How to Pick a Lover

Posts tagged ‘women’s needs’

Lovers Are Not For Everyone

Women keep a special corner of their hearts for sins they have never committed.
—Cornelia Otis Skinner

There are many circumstances under which a modern woman might decide that having a lover would increase her quality of life and would bring her a great deal of joy and satisfaction. It does not follow, however, that this is a decision that would be right for all women all of the time. At least three kinds of women will not be interested in the prospect of taking a lover: the woman with homophilic tendencies, the contented celibate wife, and the (presumably contented) wife in a traditional marriage.

Women as Lovers

Women as Lovers (Photo credit: Wikipedia)

Some women who are seeking a lover are not seeking a man at all but are instead looking for another woman. The sexual revolution and the new permissiveness have made the lesbian option an increasingly acceptable alternative to traditional marriage. Some women may be exclusively homosexual. Others who are basically heterosexual may, under special circumstances, find themselves in what amounts to a homosexual encounter. Or they may wish to have a woman lover in addition to a husband or male lovers. However, the focus of my blog happens to be on picking a lover who is a man. It may well be that many of the same principles would also apply to picking a lover who is a woman. The examples in my posts happen to be male oriented: their application is a matter of personal preference and taste.

To borrow a slogan from another context: “Sometimes the best man for the job is a woman.”

The Wanton Factor: On Lust and Womanhood

 

The great question . . . which I have not been able to answer, despite my thirty years of research into the feminine soul, is: “What does a woman want?
Sigmund Freud,
The Life and Works of Sigmund Freud

Poor old Freud never figured it out. Neither did lots of women who, several generations later, are still having trouble with the same question.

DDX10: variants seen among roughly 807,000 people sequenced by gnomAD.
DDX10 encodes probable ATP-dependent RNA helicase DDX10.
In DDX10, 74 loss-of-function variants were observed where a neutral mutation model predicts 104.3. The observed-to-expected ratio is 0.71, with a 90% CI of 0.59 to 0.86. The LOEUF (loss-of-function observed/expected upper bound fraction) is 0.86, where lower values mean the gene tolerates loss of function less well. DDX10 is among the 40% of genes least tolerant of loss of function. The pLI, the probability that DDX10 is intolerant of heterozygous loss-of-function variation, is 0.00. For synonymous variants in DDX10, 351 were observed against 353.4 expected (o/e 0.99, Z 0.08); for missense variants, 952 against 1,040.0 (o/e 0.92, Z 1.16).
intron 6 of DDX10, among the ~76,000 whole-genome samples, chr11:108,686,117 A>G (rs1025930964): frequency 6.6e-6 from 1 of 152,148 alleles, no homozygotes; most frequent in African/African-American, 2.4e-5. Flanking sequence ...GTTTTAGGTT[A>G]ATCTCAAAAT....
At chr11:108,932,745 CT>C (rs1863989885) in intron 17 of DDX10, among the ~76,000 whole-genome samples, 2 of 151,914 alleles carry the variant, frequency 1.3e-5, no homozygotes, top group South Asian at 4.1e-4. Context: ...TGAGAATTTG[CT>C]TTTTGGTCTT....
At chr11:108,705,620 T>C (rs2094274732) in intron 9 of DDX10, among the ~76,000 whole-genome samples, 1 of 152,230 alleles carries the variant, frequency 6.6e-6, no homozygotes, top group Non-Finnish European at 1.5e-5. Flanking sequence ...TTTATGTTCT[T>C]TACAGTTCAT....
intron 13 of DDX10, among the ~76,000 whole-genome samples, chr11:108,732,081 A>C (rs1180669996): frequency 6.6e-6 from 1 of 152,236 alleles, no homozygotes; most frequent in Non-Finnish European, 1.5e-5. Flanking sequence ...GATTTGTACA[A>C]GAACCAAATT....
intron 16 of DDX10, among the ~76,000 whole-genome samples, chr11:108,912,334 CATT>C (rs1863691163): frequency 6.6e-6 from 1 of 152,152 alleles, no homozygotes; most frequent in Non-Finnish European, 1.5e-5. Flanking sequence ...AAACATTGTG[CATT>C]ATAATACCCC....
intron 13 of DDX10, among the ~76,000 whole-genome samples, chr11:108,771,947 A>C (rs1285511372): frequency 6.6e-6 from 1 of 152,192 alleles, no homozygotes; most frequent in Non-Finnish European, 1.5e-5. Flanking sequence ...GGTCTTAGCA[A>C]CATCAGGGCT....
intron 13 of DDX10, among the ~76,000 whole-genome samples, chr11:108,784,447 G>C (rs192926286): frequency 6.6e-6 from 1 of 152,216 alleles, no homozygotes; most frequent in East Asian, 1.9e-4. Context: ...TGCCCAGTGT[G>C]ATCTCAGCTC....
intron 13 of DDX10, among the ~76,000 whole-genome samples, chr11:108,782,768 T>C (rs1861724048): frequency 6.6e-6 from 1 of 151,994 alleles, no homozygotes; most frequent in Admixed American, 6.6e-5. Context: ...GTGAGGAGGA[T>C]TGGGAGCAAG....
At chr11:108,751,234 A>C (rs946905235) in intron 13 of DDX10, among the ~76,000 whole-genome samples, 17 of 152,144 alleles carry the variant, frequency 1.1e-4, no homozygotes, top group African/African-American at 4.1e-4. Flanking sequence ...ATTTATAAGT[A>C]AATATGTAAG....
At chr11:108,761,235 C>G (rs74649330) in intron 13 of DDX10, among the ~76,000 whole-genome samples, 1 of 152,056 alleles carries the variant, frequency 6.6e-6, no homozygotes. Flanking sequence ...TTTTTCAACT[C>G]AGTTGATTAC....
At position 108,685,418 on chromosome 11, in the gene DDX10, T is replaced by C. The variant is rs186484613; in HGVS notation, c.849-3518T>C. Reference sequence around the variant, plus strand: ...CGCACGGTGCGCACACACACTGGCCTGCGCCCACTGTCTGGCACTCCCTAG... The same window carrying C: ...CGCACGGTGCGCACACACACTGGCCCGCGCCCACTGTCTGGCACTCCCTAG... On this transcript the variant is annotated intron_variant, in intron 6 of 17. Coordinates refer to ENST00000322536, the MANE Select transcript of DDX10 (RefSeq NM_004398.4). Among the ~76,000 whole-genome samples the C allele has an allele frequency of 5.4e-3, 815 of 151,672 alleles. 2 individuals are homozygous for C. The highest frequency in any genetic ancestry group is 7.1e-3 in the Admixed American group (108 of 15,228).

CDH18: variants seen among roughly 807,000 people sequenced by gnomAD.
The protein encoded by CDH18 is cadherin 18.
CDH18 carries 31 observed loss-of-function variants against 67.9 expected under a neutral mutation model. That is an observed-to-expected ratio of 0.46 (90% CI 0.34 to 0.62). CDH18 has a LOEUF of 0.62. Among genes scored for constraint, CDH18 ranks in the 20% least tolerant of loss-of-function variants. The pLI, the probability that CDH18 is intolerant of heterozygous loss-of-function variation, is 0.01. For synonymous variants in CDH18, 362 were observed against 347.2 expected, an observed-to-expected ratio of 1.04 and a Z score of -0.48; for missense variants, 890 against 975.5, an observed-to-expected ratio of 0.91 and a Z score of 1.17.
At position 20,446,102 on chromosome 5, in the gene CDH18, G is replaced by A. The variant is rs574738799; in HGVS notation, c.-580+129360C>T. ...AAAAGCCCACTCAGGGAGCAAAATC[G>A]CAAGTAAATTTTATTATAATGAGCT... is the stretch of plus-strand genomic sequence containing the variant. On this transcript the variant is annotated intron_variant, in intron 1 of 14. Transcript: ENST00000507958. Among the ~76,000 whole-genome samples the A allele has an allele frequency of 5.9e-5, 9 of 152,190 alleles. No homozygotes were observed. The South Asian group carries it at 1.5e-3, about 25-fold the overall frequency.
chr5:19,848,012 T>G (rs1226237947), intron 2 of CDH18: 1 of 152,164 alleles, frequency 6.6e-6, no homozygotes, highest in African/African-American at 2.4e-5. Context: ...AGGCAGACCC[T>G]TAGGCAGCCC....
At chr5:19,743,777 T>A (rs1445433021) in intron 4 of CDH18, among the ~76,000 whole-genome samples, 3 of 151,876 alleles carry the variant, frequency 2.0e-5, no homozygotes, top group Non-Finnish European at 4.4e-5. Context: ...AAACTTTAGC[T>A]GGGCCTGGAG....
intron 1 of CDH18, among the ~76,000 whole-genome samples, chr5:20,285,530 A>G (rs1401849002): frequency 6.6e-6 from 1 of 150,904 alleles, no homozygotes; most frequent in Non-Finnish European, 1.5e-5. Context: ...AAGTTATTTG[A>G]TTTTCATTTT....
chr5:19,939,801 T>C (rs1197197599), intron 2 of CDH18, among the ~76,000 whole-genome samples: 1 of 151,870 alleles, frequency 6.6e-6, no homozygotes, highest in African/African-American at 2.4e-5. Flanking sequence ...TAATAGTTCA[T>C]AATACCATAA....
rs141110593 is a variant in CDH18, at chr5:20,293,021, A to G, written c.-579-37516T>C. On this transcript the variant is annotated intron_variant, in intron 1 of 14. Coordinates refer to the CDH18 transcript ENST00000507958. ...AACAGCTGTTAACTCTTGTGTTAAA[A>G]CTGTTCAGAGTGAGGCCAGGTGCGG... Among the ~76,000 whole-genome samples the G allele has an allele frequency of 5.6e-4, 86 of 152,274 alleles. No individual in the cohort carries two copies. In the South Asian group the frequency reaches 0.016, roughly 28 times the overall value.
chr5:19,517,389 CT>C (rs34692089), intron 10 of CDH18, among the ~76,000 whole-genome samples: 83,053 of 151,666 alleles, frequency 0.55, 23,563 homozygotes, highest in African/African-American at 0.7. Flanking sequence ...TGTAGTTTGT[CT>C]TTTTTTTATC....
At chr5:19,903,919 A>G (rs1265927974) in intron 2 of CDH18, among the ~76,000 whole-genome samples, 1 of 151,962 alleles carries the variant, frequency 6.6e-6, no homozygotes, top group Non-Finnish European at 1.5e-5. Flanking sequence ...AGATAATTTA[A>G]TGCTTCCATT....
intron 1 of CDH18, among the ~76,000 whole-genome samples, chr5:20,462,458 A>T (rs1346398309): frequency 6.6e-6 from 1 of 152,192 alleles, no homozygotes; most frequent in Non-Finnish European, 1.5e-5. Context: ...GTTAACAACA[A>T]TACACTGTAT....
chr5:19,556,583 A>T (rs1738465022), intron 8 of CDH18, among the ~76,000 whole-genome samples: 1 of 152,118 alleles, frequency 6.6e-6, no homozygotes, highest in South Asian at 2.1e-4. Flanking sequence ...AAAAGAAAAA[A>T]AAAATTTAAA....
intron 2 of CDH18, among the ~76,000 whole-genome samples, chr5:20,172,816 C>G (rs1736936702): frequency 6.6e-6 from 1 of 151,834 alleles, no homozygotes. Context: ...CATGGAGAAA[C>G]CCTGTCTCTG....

Over the past few pivotal decades, women have both wanted to learn and learned to want. One thing they have learned to want is to explore and to savor their full erotic potential. And what they want to learn is just what that potential is and how to seize the opportunity to experience it. As women begin to realize the possibilities inherent in sexuality, they feel increasingly entitled to partake of this important element of life. They feel entitled not only to be sexually active but to be sexually active in the ways which are most rewarding to them.

WWW - What Women Want poster

Photo credit: Jonathas Scott

If you asked men why they want to have a mistress, they would reply almost to a man, “To get laid, of course!” They might phrase it more delicately and might hasten to add that that was not the only thing they wanted; but it would be obvious that a prime motivator, if not the prime motivator, was to expand their erotic experience. For many men, especially young men, the desire for sexual expression is a constant urge needing little, if any, prompting from outside stimuli. The desire seems to come directly from the hormones, and it is not only constant but relatively urgent.

It should no longer be very shocking to discover that spontaneous sexual urges may also be a prime mover for a number of women, some married and some not, some happy and some not. The erotic poet Irving Layton makes this point when he opines, “A woman who is attractive, well educated, and sensible has only one thing on her mind—to get laid.” Layton is given to hyperbole and so overstates his point. One can be forgiven for suspecting him of optimistically projecting his own feelings. Even adolescent boys occasionally have their minds on football, hamburgers, motorcycles, and cold beer.

Nevertheless, it is important to remember what should be an obvious point: in many cases, if not most, the erotic component is one factor, and an important one, in what contemporary women want.

 

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